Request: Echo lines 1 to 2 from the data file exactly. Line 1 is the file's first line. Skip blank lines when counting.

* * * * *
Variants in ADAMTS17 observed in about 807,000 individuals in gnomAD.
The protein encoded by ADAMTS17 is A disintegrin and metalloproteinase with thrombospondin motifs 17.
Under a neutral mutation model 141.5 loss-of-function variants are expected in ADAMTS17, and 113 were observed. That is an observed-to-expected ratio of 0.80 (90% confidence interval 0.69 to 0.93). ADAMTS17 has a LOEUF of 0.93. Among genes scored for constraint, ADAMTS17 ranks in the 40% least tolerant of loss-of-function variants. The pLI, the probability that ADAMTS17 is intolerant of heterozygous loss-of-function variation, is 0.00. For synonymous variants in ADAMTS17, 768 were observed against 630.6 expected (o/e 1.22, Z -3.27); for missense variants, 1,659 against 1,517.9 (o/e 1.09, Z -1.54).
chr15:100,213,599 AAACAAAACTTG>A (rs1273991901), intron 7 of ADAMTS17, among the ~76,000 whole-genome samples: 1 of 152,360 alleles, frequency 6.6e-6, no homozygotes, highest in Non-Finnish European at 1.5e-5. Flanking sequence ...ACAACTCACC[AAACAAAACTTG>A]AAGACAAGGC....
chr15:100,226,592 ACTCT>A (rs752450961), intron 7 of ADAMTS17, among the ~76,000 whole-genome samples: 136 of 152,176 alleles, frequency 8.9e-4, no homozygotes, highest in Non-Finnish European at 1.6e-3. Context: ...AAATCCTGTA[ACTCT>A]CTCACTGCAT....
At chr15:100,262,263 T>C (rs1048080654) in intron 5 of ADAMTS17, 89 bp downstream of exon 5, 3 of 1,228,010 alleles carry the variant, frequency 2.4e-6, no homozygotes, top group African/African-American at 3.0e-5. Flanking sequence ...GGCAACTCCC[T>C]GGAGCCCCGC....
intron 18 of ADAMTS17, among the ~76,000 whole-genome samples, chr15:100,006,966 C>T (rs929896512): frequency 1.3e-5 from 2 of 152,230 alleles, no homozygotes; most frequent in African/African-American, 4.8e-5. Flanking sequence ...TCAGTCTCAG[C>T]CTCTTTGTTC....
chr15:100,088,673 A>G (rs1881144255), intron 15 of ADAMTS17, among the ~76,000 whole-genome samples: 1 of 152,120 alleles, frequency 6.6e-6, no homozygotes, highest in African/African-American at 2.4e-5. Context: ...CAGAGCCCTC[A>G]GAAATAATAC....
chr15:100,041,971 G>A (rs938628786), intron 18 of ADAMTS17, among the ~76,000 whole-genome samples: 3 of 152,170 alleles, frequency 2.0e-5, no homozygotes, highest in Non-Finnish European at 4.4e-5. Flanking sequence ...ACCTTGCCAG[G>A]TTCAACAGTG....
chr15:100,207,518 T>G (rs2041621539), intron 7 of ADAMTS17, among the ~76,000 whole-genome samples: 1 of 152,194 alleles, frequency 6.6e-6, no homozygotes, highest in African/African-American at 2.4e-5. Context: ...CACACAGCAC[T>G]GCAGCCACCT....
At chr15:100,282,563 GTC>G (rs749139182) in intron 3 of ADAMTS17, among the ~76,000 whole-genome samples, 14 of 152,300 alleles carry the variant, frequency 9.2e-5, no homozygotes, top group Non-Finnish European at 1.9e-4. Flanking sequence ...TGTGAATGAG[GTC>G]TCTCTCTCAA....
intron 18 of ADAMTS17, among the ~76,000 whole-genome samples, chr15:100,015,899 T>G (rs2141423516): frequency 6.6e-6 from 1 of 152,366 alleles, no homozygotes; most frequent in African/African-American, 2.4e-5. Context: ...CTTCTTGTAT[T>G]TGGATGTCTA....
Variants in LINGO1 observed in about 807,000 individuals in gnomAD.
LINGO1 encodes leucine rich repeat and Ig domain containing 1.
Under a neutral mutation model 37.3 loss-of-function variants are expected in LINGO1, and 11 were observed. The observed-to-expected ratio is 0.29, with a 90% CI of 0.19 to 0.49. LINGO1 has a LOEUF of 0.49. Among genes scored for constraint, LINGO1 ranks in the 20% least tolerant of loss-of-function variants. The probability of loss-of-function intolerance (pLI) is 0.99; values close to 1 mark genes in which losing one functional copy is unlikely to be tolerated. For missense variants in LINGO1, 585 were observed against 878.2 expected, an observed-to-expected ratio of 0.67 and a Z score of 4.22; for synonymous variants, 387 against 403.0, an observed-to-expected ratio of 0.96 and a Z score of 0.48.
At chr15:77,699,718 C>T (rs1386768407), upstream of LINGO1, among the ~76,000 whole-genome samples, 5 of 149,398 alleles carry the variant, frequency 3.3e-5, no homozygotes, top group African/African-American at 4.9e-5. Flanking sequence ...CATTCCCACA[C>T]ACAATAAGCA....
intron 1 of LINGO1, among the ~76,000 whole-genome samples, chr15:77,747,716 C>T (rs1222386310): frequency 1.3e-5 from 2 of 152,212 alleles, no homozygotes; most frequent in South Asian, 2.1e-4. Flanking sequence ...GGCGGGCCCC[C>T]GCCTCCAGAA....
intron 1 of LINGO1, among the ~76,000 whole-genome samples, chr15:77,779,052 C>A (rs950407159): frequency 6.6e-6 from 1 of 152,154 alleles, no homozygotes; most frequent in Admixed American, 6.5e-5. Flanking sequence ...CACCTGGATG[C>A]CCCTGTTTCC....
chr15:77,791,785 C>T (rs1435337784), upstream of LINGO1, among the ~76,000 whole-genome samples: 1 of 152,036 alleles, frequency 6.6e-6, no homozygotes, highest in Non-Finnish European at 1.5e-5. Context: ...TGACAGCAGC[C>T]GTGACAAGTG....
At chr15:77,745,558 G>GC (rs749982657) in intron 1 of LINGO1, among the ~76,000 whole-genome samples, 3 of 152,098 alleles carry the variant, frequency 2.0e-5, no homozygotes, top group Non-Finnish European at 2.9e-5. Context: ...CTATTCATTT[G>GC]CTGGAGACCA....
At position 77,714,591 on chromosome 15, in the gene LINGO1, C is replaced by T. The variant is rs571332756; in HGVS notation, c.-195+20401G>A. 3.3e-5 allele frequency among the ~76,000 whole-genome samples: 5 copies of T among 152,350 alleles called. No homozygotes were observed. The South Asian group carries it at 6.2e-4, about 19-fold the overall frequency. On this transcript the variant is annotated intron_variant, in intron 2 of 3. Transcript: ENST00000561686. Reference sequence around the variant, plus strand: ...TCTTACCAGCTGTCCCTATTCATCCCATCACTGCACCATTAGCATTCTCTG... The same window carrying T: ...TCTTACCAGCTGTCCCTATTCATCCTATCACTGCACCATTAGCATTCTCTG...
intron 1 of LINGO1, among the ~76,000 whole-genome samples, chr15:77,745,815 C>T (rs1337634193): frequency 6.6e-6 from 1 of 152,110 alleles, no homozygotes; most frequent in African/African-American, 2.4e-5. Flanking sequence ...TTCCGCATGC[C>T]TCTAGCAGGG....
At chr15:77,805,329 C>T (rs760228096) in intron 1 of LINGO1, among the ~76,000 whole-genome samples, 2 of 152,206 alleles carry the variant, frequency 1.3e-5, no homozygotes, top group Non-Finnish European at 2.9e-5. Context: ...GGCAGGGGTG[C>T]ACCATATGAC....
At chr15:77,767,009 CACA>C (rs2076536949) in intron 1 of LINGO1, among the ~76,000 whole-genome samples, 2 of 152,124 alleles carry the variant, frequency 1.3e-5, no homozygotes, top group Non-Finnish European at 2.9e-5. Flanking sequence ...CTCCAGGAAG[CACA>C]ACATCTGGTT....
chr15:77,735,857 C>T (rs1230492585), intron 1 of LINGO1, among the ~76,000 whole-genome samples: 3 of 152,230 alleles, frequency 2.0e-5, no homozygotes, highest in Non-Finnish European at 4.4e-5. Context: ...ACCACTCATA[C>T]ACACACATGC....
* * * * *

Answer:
Variants in ADAMTS17 observed in about 807,000 individuals in gnomAD.
The protein encoded by ADAMTS17 is A disintegrin and metalloproteinase with thrombospondin motifs 17.